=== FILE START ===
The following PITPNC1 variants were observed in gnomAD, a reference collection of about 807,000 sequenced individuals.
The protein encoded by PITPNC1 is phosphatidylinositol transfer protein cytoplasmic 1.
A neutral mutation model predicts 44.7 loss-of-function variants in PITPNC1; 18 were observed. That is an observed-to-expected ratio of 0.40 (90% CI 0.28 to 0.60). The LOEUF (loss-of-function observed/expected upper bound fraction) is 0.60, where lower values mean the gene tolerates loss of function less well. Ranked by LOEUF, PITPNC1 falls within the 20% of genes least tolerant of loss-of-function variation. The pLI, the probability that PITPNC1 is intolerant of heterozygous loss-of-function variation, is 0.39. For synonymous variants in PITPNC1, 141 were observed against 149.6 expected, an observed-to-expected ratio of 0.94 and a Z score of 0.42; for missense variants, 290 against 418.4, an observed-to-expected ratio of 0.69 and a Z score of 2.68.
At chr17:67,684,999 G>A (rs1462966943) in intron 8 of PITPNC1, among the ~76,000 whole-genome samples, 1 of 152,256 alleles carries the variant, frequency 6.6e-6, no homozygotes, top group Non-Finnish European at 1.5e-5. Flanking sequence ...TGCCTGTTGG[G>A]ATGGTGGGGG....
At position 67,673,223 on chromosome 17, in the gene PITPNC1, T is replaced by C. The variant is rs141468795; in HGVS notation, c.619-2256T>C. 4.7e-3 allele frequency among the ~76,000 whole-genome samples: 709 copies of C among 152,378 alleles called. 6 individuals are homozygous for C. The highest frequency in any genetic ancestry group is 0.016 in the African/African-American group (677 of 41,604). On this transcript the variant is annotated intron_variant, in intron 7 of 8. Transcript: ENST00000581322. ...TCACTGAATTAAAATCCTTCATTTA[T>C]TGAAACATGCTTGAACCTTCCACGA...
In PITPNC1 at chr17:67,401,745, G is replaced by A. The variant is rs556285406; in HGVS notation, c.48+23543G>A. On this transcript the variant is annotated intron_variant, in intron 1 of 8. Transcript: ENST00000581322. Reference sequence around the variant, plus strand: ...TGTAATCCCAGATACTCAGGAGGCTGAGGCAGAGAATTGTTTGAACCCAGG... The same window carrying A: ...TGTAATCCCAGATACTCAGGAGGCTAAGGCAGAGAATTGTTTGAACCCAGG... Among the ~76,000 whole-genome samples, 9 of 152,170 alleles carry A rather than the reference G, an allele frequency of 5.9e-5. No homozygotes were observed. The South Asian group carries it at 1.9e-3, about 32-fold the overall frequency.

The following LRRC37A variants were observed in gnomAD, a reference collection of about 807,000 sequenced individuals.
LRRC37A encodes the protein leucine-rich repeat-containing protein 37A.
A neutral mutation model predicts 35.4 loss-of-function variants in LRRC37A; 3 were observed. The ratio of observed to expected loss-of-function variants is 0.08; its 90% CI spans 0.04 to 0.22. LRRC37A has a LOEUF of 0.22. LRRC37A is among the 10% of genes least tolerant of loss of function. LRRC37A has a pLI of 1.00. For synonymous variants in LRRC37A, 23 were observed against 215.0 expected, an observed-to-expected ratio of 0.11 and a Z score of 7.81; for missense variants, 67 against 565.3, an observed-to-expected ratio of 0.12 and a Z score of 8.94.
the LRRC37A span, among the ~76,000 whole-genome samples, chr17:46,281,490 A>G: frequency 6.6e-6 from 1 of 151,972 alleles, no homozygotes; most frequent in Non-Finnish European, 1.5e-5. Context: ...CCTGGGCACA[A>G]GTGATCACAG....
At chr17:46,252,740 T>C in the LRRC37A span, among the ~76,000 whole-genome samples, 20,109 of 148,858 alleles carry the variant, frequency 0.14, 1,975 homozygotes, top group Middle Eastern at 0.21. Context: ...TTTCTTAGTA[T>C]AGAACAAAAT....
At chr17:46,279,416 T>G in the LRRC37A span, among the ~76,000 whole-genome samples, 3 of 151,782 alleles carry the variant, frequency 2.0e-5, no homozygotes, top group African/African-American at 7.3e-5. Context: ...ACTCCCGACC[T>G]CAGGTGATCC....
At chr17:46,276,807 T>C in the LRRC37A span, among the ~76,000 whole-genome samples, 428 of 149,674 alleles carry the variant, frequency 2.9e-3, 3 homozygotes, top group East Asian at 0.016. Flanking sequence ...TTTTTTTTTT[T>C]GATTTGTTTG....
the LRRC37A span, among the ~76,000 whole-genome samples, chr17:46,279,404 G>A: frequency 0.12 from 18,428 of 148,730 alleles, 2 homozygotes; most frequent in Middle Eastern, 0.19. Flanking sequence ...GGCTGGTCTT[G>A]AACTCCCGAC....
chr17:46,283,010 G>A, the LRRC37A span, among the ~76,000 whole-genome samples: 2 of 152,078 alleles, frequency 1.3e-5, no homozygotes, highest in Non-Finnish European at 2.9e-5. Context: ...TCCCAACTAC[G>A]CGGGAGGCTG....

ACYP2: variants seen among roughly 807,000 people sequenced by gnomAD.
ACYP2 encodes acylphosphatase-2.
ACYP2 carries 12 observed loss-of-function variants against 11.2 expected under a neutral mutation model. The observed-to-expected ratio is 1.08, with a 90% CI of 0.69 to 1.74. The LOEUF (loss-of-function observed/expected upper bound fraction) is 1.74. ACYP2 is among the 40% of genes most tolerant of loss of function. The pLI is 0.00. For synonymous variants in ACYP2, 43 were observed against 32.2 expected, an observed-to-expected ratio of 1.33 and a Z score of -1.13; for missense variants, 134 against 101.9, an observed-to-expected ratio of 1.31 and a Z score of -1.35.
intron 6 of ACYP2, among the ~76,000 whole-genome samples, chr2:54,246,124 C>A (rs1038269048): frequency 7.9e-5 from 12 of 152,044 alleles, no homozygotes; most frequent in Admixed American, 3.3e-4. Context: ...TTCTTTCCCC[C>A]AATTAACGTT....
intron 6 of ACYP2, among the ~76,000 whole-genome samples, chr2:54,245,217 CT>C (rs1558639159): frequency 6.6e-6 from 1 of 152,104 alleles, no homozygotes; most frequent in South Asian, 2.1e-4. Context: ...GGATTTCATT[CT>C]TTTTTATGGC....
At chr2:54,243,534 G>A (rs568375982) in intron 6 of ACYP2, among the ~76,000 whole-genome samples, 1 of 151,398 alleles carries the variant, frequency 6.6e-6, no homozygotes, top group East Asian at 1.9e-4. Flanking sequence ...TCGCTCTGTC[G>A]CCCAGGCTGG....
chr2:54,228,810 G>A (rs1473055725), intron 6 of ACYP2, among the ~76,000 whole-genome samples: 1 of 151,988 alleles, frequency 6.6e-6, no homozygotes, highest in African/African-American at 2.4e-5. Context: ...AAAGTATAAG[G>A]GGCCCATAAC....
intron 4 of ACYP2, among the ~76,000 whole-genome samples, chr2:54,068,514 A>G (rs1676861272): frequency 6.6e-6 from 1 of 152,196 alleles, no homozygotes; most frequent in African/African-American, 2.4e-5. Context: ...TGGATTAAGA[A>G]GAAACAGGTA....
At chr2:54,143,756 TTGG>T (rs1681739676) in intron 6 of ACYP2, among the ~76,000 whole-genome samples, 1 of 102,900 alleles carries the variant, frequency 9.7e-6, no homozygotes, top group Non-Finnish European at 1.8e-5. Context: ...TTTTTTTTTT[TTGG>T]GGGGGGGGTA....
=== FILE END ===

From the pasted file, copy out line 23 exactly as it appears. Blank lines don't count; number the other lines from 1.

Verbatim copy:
intron 4 of ACYP2, among the ~76,000 whole-genome samples, chr2:54,068,514 A>G (rs1676861272): frequency 6.6e-6 from 1 of 152,196 alleles, no homozygotes; most frequent in African/African-American, 2.4e-5. Context: ...TGGATTAAGA[A>G]GAAACAGGTA....